Tuesday, May 8, 2012

Conscious Hip-Hop

It could be argued that conscious hip-hop is on the rise, and is the most common segment of new rap. It is difficult to listen to a new track in rap that does not present a social or political issue, even if it is a reference. Gangster rap of the previous years seems to be on the decline, being replaced with "more meaningful" music, or conscious hip-hop.

However, despite the general good intentions of conscious rap, there is not an apparent active influence of the music. Conscious artists rap about making changes and doing good, but are they? In my opinion, the new generation of rappers are not from the ghetto who grew up dealing drugs and living  a life in poverty and crime. Therefore, without having such a background, they turn to conscious rap. Thus, these artists arguably do not actually care about these conscious issues, but it is rather a way to sell albums and make money. Generally, we feel better about ourselves listening to conscious hip-hop which references making positive changes than we do when listening to gangster rap about crime. It could be argued that even some of the gangster rappers of the previous years have changed their styles to become more conscious to keep up with the market. This demonstrates that their true motives are questionable; either they want to make a change in the world, or they just want to make more money.

 It is not common that we see these artists who rap about social and political issues in the community actively taking it upon themselves to make the changes they rap about. So the question I present is, does conscious hip-hop actually have an influence in the community, or is it simply a way for such artists to make money?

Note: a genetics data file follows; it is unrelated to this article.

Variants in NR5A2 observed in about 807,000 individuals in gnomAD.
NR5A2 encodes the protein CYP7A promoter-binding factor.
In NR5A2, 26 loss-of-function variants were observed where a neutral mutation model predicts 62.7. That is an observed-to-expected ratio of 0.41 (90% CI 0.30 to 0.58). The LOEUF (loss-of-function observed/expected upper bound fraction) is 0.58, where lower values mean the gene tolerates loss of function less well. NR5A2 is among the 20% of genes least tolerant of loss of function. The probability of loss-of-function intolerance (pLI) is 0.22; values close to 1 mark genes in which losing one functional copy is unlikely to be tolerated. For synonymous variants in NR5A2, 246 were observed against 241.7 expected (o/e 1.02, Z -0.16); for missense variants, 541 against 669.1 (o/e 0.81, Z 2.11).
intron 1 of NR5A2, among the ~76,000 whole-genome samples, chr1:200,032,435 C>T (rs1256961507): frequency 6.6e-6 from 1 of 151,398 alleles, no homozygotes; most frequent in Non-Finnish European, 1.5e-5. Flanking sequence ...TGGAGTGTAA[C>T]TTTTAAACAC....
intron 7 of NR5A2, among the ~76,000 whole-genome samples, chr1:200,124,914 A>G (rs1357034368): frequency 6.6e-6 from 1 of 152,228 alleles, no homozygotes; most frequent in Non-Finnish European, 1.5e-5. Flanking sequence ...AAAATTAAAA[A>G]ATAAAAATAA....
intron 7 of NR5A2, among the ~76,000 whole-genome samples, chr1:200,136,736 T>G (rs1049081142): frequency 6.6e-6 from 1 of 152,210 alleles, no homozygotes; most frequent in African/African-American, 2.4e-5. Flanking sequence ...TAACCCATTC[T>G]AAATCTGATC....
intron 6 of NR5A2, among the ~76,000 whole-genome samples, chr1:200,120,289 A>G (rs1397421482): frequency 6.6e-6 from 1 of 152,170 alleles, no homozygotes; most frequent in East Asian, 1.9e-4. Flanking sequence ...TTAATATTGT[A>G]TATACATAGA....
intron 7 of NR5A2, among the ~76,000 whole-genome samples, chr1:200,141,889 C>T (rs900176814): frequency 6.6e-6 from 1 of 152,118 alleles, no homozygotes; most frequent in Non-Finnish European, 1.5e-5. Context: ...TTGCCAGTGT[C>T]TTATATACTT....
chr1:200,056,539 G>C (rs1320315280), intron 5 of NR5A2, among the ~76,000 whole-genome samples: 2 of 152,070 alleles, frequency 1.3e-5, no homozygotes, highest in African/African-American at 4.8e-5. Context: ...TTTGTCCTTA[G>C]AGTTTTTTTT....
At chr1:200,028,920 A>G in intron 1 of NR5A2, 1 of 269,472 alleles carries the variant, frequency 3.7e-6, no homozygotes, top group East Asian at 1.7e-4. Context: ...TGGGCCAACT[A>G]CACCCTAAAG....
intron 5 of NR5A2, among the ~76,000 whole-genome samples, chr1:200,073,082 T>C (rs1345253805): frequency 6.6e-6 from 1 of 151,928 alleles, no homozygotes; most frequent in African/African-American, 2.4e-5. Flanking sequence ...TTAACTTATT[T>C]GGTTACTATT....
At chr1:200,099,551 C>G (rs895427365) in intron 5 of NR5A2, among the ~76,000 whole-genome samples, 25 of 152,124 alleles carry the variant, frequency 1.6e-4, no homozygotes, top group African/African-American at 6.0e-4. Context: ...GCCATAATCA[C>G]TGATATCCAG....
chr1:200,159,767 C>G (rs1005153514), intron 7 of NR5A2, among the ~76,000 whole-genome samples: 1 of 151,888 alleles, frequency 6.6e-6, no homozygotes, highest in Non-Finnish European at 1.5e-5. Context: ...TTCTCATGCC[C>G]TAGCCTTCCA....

1. Obviously, I cannot speak for the entire community, but I would like to think that it makes some sort of difference. However, it may not, unfortunately.

    If I think about how I react to conscious rap, it usually makes me think about the issues they rap about, but I don't think I go out of my way to make any changes because of it. For example, when Macklemore raps about the cough syrup epidemic, I think that it is a problem, but I'm not going out and trying to protest it. Maybe I'm different than other listeners, but I do not think I am.

    I agree with your assertion that conscious rap makes us feel better but I do not think it inspires the listeners to do something about those issues.

    In regards to the rappers writing conscious raps only for money, I would disagree. I do not think the conscious rap industry is as big as you make it out to be. The most popular songs are about partying, having a good time, violence, and drugs. The more socially conscious raps are the songs on albums that do not make it big. For example, in Kanye West's album "The College Dropout," the song "Jesus Walks" was a conscious rap about religion, but I have never heard that song on the radio, or on the Top 100.